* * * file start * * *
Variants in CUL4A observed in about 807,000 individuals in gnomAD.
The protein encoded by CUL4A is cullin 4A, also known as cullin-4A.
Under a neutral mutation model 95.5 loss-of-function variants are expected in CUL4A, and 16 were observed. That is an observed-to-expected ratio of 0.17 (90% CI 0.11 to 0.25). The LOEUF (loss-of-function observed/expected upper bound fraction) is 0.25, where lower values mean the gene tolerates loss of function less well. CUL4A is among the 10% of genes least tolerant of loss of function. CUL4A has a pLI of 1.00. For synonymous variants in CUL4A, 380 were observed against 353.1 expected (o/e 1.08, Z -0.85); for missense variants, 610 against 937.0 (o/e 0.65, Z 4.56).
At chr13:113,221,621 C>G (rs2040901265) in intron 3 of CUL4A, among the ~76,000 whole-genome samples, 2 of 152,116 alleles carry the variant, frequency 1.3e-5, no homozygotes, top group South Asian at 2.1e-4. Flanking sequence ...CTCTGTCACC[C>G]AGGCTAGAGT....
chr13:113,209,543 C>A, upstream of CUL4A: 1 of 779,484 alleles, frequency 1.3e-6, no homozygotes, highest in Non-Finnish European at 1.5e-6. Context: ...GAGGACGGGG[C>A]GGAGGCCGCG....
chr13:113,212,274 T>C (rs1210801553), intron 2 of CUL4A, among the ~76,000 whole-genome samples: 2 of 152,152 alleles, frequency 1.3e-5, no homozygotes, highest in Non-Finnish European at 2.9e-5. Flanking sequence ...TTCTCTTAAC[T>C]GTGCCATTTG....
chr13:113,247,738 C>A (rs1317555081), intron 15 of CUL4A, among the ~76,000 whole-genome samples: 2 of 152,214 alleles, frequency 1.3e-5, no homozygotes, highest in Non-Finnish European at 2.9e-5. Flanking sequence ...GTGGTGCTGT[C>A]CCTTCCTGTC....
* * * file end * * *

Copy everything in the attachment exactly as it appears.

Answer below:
Variants in CUL4A observed in about 807,000 individuals in gnomAD.
The protein encoded by CUL4A is cullin 4A, also known as cullin-4A.
Under a neutral mutation model 95.5 loss-of-function variants are expected in CUL4A, and 16 were observed. That is an observed-to-expected ratio of 0.17 (90% CI 0.11 to 0.25). The LOEUF (loss-of-function observed/expected upper bound fraction) is 0.25, where lower values mean the gene tolerates loss of function less well. CUL4A is among the 10% of genes least tolerant of loss of function. CUL4A has a pLI of 1.00. For synonymous variants in CUL4A, 380 were observed against 353.1 expected (o/e 1.08, Z -0.85); for missense variants, 610 against 937.0 (o/e 0.65, Z 4.56).
At chr13:113,221,621 C>G (rs2040901265) in intron 3 of CUL4A, among the ~76,000 whole-genome samples, 2 of 152,116 alleles carry the variant, frequency 1.3e-5, no homozygotes, top group South Asian at 2.1e-4. Flanking sequence ...CTCTGTCACC[C>G]AGGCTAGAGT....
chr13:113,209,543 C>A, upstream of CUL4A: 1 of 779,484 alleles, frequency 1.3e-6, no homozygotes, highest in Non-Finnish European at 1.5e-6. Context: ...GAGGACGGGG[C>A]GGAGGCCGCG....
chr13:113,212,274 T>C (rs1210801553), intron 2 of CUL4A, among the ~76,000 whole-genome samples: 2 of 152,152 alleles, frequency 1.3e-5, no homozygotes, highest in Non-Finnish European at 2.9e-5. Flanking sequence ...TTCTCTTAAC[T>C]GTGCCATTTG....
chr13:113,247,738 C>A (rs1317555081), intron 15 of CUL4A, among the ~76,000 whole-genome samples: 2 of 152,214 alleles, frequency 1.3e-5, no homozygotes, highest in Non-Finnish European at 2.9e-5. Flanking sequence ...GTGGTGCTGT[C>A]CCTTCCTGTC....